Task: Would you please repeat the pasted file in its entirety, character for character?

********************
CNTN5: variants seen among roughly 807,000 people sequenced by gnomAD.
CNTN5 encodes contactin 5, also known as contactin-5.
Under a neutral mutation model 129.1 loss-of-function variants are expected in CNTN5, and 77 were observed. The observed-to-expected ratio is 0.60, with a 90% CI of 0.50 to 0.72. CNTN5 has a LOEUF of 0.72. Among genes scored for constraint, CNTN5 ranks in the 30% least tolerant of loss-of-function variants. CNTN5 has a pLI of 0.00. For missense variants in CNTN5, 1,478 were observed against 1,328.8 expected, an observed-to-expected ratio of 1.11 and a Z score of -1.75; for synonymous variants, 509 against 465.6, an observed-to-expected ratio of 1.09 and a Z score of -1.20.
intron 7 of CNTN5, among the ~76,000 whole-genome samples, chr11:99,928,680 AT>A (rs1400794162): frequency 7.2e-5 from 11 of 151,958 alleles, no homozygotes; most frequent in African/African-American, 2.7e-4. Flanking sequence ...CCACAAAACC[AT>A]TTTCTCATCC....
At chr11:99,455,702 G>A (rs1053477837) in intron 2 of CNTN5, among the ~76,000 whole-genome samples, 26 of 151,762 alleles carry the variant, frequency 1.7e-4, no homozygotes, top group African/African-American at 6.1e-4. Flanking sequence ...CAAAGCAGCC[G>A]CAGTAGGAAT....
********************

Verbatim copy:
CNTN5: variants seen among roughly 807,000 people sequenced by gnomAD.
CNTN5 encodes contactin 5, also known as contactin-5.
Under a neutral mutation model 129.1 loss-of-function variants are expected in CNTN5, and 77 were observed. The observed-to-expected ratio is 0.60, with a 90% CI of 0.50 to 0.72. CNTN5 has a LOEUF of 0.72. Among genes scored for constraint, CNTN5 ranks in the 30% least tolerant of loss-of-function variants. CNTN5 has a pLI of 0.00. For missense variants in CNTN5, 1,478 were observed against 1,328.8 expected, an observed-to-expected ratio of 1.11 and a Z score of -1.75; for synonymous variants, 509 against 465.6, an observed-to-expected ratio of 1.09 and a Z score of -1.20.
intron 7 of CNTN5, among the ~76,000 whole-genome samples, chr11:99,928,680 AT>A (rs1400794162): frequency 7.2e-5 from 11 of 151,958 alleles, no homozygotes; most frequent in African/African-American, 2.7e-4. Flanking sequence ...CCACAAAACC[AT>A]TTTCTCATCC....
At chr11:99,455,702 G>A (rs1053477837) in intron 2 of CNTN5, among the ~76,000 whole-genome samples, 26 of 151,762 alleles carry the variant, frequency 1.7e-4, no homozygotes, top group African/African-American at 6.1e-4. Flanking sequence ...CAAAGCAGCC[G>A]CAGTAGGAAT....